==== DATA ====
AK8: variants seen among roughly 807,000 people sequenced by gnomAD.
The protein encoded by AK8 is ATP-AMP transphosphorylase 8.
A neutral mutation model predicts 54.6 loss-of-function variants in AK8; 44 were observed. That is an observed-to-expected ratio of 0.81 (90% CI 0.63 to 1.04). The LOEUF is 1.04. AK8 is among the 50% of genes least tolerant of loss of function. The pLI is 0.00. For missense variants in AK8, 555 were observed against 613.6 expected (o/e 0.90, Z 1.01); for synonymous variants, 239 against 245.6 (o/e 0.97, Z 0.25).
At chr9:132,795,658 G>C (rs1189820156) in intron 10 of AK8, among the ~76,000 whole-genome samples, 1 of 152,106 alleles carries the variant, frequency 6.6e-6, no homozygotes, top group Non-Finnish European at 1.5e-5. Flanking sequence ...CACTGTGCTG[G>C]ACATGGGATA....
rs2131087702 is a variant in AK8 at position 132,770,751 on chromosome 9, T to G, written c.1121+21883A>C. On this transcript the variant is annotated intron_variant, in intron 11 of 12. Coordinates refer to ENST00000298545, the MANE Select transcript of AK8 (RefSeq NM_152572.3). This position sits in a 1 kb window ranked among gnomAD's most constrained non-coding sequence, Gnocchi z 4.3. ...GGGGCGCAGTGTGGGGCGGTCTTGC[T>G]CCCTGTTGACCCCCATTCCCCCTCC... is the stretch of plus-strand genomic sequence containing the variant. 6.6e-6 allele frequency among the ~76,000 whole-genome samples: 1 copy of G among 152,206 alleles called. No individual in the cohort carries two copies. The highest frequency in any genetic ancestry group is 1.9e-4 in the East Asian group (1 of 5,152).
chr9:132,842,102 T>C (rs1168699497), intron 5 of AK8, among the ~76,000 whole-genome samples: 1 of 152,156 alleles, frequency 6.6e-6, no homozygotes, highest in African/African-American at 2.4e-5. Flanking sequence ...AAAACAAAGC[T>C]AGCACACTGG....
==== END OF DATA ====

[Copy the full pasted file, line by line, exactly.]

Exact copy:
AK8: variants seen among roughly 807,000 people sequenced by gnomAD.
The protein encoded by AK8 is ATP-AMP transphosphorylase 8.
A neutral mutation model predicts 54.6 loss-of-function variants in AK8; 44 were observed. That is an observed-to-expected ratio of 0.81 (90% CI 0.63 to 1.04). The LOEUF is 1.04. AK8 is among the 50% of genes least tolerant of loss of function. The pLI is 0.00. For missense variants in AK8, 555 were observed against 613.6 expected (o/e 0.90, Z 1.01); for synonymous variants, 239 against 245.6 (o/e 0.97, Z 0.25).
At chr9:132,795,658 G>C (rs1189820156) in intron 10 of AK8, among the ~76,000 whole-genome samples, 1 of 152,106 alleles carries the variant, frequency 6.6e-6, no homozygotes, top group Non-Finnish European at 1.5e-5. Flanking sequence ...CACTGTGCTG[G>C]ACATGGGATA....
rs2131087702 is a variant in AK8 at position 132,770,751 on chromosome 9, T to G, written c.1121+21883A>C. On this transcript the variant is annotated intron_variant, in intron 11 of 12. Coordinates refer to ENST00000298545, the MANE Select transcript of AK8 (RefSeq NM_152572.3). This position sits in a 1 kb window ranked among gnomAD's most constrained non-coding sequence, Gnocchi z 4.3. ...GGGGCGCAGTGTGGGGCGGTCTTGC[T>G]CCCTGTTGACCCCCATTCCCCCTCC... is the stretch of plus-strand genomic sequence containing the variant. 6.6e-6 allele frequency among the ~76,000 whole-genome samples: 1 copy of G among 152,206 alleles called. No individual in the cohort carries two copies. The highest frequency in any genetic ancestry group is 1.9e-4 in the East Asian group (1 of 5,152).
chr9:132,842,102 T>C (rs1168699497), intron 5 of AK8, among the ~76,000 whole-genome samples: 1 of 152,156 alleles, frequency 6.6e-6, no homozygotes, highest in African/African-American at 2.4e-5. Flanking sequence ...AAAACAAAGC[T>C]AGCACACTGG....